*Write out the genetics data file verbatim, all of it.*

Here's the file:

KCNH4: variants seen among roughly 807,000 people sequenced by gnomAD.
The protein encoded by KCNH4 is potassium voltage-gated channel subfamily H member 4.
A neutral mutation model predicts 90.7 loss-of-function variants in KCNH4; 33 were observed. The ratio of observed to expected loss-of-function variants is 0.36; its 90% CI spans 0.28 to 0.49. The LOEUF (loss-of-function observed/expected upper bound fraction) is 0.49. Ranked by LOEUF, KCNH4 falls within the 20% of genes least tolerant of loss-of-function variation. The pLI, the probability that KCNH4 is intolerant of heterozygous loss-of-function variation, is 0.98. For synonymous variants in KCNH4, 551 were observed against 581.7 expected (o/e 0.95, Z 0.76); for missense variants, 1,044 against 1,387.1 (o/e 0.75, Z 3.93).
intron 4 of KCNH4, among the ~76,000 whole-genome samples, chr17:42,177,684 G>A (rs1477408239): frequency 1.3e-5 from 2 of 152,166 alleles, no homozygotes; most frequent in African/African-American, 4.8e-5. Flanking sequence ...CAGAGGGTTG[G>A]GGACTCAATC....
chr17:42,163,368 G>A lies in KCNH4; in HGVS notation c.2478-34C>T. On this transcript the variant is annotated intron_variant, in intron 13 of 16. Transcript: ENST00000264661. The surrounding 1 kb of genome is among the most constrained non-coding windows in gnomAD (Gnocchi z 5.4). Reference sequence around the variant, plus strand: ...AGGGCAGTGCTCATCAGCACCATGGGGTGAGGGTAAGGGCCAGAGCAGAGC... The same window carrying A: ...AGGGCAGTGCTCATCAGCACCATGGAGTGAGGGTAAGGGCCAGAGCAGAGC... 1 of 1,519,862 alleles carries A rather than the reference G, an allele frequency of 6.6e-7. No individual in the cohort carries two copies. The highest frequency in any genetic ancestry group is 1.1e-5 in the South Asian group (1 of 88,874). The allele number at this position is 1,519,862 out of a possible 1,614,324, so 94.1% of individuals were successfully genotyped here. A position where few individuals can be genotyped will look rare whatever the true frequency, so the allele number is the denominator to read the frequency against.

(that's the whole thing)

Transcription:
KCNH4: variants seen among roughly 807,000 people sequenced by gnomAD.
The protein encoded by KCNH4 is potassium voltage-gated channel subfamily H member 4.
A neutral mutation model predicts 90.7 loss-of-function variants in KCNH4; 33 were observed. The ratio of observed to expected loss-of-function variants is 0.36; its 90% CI spans 0.28 to 0.49. The LOEUF (loss-of-function observed/expected upper bound fraction) is 0.49. Ranked by LOEUF, KCNH4 falls within the 20% of genes least tolerant of loss-of-function variation. The pLI, the probability that KCNH4 is intolerant of heterozygous loss-of-function variation, is 0.98. For synonymous variants in KCNH4, 551 were observed against 581.7 expected (o/e 0.95, Z 0.76); for missense variants, 1,044 against 1,387.1 (o/e 0.75, Z 3.93).
intron 4 of KCNH4, among the ~76,000 whole-genome samples, chr17:42,177,684 G>A (rs1477408239): frequency 1.3e-5 from 2 of 152,166 alleles, no homozygotes; most frequent in African/African-American, 4.8e-5. Flanking sequence ...CAGAGGGTTG[G>A]GGACTCAATC....
chr17:42,163,368 G>A lies in KCNH4; in HGVS notation c.2478-34C>T. On this transcript the variant is annotated intron_variant, in intron 13 of 16. Transcript: ENST00000264661. The surrounding 1 kb of genome is among the most constrained non-coding windows in gnomAD (Gnocchi z 5.4). Reference sequence around the variant, plus strand: ...AGGGCAGTGCTCATCAGCACCATGGGGTGAGGGTAAGGGCCAGAGCAGAGC... The same window carrying A: ...AGGGCAGTGCTCATCAGCACCATGGAGTGAGGGTAAGGGCCAGAGCAGAGC... 1 of 1,519,862 alleles carries A rather than the reference G, an allele frequency of 6.6e-7. No individual in the cohort carries two copies. The highest frequency in any genetic ancestry group is 1.1e-5 in the South Asian group (1 of 88,874). The allele number at this position is 1,519,862 out of a possible 1,614,324, so 94.1% of individuals were successfully genotyped here. A position where few individuals can be genotyped will look rare whatever the true frequency, so the allele number is the denominator to read the frequency against.